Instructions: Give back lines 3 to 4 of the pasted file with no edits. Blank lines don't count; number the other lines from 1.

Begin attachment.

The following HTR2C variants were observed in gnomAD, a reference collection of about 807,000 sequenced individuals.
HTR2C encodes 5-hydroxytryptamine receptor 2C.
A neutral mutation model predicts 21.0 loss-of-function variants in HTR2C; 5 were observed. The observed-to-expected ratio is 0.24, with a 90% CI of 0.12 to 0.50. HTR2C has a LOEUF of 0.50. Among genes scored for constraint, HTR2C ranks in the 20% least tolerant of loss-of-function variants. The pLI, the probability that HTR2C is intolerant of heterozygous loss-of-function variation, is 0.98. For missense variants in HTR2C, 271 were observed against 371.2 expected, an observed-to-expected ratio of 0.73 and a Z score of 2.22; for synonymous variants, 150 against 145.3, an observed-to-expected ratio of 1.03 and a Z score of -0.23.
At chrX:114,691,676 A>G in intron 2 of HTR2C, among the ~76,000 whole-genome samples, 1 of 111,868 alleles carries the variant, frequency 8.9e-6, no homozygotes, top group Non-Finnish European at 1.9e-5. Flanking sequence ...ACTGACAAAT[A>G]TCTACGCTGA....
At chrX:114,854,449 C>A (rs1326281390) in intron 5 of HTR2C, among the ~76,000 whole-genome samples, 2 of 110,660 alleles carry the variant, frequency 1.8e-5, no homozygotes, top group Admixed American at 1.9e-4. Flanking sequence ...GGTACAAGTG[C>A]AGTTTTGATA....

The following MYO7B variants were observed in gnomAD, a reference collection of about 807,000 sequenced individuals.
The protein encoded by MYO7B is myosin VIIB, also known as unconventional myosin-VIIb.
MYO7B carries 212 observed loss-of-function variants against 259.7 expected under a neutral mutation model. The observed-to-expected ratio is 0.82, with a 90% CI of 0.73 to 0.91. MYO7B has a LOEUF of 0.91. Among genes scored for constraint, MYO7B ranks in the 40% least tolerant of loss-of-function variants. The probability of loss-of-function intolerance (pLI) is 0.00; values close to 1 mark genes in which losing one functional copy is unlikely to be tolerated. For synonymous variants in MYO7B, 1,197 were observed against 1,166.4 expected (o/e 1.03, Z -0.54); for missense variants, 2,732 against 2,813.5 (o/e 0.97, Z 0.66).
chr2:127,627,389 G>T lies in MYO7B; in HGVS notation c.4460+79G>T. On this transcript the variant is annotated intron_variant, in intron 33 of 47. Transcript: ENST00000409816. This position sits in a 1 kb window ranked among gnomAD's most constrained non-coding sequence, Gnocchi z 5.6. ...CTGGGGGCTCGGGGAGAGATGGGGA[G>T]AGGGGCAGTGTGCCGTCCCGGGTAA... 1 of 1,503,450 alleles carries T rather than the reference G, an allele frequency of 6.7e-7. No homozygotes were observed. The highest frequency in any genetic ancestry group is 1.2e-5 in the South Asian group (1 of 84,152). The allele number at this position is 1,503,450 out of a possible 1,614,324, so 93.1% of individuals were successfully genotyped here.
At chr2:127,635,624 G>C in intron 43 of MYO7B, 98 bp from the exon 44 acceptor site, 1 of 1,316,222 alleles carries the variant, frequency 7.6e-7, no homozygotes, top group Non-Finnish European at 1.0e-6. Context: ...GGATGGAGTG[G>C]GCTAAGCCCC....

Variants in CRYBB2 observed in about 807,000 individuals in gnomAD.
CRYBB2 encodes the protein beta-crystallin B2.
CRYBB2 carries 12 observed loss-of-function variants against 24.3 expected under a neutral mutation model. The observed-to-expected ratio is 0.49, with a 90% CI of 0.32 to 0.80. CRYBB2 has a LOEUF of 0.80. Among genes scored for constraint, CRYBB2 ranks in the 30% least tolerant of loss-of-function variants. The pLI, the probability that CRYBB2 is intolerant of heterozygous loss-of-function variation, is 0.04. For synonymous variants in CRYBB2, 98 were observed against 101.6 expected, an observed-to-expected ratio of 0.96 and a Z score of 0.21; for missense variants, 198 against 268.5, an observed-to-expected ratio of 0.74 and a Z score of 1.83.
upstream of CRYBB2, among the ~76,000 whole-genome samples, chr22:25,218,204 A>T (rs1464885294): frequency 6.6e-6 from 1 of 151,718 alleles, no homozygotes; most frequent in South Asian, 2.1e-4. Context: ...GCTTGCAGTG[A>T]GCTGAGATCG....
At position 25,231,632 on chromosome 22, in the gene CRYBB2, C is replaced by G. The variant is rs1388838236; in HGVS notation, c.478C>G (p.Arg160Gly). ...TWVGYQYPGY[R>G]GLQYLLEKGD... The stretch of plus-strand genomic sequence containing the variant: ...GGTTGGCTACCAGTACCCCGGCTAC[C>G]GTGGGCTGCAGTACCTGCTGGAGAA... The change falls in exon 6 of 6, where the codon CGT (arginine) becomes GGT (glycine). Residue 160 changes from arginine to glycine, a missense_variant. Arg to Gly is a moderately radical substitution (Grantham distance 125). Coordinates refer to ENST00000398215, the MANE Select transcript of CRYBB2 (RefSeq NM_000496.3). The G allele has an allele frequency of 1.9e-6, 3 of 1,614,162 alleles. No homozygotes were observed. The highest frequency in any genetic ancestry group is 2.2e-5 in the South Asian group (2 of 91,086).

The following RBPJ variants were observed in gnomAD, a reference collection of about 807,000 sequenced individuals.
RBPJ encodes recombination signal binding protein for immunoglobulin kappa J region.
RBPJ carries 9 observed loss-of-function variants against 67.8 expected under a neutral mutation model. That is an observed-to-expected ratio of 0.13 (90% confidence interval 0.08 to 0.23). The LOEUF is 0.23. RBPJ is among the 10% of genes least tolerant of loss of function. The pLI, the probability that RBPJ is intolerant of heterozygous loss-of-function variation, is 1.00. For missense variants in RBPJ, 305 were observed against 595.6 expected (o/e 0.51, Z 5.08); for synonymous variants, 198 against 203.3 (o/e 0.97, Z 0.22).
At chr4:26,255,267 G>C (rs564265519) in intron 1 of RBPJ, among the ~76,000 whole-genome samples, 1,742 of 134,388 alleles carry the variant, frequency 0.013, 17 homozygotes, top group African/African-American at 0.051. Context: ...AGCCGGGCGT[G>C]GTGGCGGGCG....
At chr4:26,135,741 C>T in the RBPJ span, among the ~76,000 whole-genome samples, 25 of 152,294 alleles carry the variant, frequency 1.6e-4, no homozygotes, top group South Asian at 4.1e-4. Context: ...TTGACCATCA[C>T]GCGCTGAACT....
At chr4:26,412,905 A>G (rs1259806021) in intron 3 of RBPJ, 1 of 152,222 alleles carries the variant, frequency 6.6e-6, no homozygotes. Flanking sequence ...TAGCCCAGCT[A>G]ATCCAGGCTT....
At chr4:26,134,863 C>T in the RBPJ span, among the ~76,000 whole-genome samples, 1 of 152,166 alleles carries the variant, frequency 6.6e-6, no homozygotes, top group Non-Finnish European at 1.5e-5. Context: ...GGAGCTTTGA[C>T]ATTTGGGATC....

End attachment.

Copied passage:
A neutral mutation model predicts 21.0 loss-of-function variants in HTR2C; 5 were observed. The observed-to-expected ratio is 0.24, with a 90% CI of 0.12 to 0.50. HTR2C has a LOEUF of 0.50. Among genes scored for constraint, HTR2C ranks in the 20% least tolerant of loss-of-function variants. The pLI, the probability that HTR2C is intolerant of heterozygous loss-of-function variation, is 0.98. For missense variants in HTR2C, 271 were observed against 371.2 expected, an observed-to-expected ratio of 0.73 and a Z score of 2.22; for synonymous variants, 150 against 145.3, an observed-to-expected ratio of 1.03 and a Z score of -0.23.
At chrX:114,691,676 A>G in intron 2 of HTR2C, among the ~76,000 whole-genome samples, 1 of 111,868 alleles carries the variant, frequency 8.9e-6, no homozygotes, top group Non-Finnish European at 1.9e-5. Flanking sequence ...ACTGACAAAT[A>G]TCTACGCTGA....